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December 21st 2021

Medical Negligence

Woman left needing crutches after knee replacement receives £80,000 damages

Woman left needing crutches after knee replacement receives £80,000 damages

A 50-year-old mother has received an £80,000 damages settlement from a London hospital trust having claimed she has been left worse off following knee replacement surgery and would not have had the operation had she been fully informed of the risks and other non-surgical options.  

A 50-year-old mother has received an £80,000 damages settlement from a London hospital trust having claimed she has been left worse off following knee replacement surgery and would not have had the operation had she been fully informed of the risks and other non-surgical options. 

The woman was referred to Northwick Park Hospital having had continuing knee pain and underwent replacement surgery after x-rays highlighted degenerative changes in her left knee. 

However, in a legal case against London North West Healthcare NHS Trust, led by clinical negligence specialists Hudgell Solicitors, it was alleged she has now been left in a worse position than before her operation. 

Before surgery in May 2015 her knee pain was not constant nor significantly affecting her mobility and was well controlled with painkillers. 

However, she has now been left in severe pain and in need of using two crutches to walk. Two additional surgical procedures have not improved her situation since. 

Helena Wood, an Associate at Hudgell Solicitors, led the case on the woman’s behalf and said a lack of clarity over information provided to the woman, and a failure to ensure she had enough information to fully consent, was a major concern. 

“Our client was adamant that she was never informed of possible alternative treatment options to a total knee replacement, including weight loss, steroid injections and physiotherapy, and was made to feel it was the only option available to her,” she said. 

“In particular, she said she was never informed of the risk of a worse outcome and that she may not recover and be able to return to work.  

 “As such we alleged that there had been a failure to obtain her informed consent for surgery as there were several non-surgical options that should have been offered.”

“I did not know there was any chance of me being left permanently disabled” 

London North West Healthcare NHS Trust insisted risks relating to infection, DVT, pulmonary embolus, nerve damage, neuro-vascular injury and a 15% dissatisfaction rate with total knee replacement were communicated, and noted in medical records. 

However, the woman, who asked not to be named, says she would never have chosen surgery had the risks been made clear to her.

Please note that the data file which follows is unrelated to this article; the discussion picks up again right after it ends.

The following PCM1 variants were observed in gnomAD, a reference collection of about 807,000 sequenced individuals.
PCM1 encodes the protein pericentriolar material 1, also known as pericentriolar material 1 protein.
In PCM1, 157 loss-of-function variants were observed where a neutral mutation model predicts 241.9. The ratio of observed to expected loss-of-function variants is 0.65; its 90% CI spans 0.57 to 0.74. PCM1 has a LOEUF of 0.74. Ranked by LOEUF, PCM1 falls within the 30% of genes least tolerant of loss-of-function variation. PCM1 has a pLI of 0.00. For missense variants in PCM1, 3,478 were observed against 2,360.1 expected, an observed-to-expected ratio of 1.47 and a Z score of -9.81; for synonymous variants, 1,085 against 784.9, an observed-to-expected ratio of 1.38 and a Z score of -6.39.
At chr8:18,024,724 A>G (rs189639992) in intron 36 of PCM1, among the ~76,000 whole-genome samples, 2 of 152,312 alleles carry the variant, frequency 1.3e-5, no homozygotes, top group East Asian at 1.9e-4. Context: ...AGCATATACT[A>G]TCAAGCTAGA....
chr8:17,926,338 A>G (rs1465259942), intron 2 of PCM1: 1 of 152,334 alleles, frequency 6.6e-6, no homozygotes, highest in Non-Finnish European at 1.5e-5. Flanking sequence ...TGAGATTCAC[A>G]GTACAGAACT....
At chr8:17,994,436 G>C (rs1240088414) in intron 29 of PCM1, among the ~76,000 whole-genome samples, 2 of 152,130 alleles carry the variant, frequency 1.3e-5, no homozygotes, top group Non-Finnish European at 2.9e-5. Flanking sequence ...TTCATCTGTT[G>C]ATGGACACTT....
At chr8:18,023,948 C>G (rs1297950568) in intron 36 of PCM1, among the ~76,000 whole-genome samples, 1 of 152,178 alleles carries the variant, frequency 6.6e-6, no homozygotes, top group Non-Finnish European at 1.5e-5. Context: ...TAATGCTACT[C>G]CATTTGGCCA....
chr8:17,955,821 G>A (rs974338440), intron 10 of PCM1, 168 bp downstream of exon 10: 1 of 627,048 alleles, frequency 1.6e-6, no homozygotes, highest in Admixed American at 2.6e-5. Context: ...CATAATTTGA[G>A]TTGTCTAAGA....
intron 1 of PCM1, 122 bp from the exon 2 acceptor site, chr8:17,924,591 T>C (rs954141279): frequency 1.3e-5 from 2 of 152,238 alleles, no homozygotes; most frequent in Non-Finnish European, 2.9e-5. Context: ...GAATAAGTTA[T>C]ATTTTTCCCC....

“I am certain that, save for the risk of infection, none of the risks were mentioned to me verbally, nor were they pointed out to me on any forms for my signature,” she said. 

“The possibility that I may not make a full recovery or that I could end up in a worse position was never discussed with me at any stage prior to the surgery. If the risk had been explained I would never have consented.  

“I was able to walk unaided prior to surgery and whilst I was in some pain, this was manageable so there would have been no need for me to take this kind of risk. It was definitely not mentioned to me that the surgery had ever gone wrong for anybody in that they had been left in a worse position. I would not have gone ahead if this had been explained. 

“I was led to believe surgery was my only option and that it was a relatively minor option that would make me pain free. Had I been told about non-surgical ways to treat my knee I would have gone ahead with these instead. 

“The problems I had with my knees were absolutely nothing compared to the problems I have now.I had a full active life. I did not know there was any chance of me being left permanently disabled and requiring crutches.” 

Compensation settlement agreed without need for court hearing 

The case was settled out of court without any admissions being made. 

“The NHS guidelines are clear in that there is responsibility on healthcare providers to ensure patients are given all of the information about what treatment involves,” added Mrs Wood. 

“This includes the benefits and risks of treatment and procedures, whether there are reasonable alternative treatments, and what will happen if treatment does not go ahead. 

“When somebody is undergoing a procedure such as an operation, consent should be secured well in advance so the patient is afforded plenty of time to understand the procedure and ask questions. 

“In this case, our client would have avoided all the complications following the surgery. She would, however, have required a left total knee replacement in 10-15 years’ time. 

“We were pleased to be able to secure a settlement which has reflected the impact on our client’s life and on her ability to work.” 

The woman added: “My main hope is that this does not happen to another person who is in a similar situation and left totally unaware of the risks of surgery going wrong, and of the severity of the impact this could have on their life. 

“I hope in the future the surgeons warn people about the risk. I feel very strongly that it should be for the patient to decide or put the surgery off until they are much older, as I would have done had I been made aware of all the relevant facts.”

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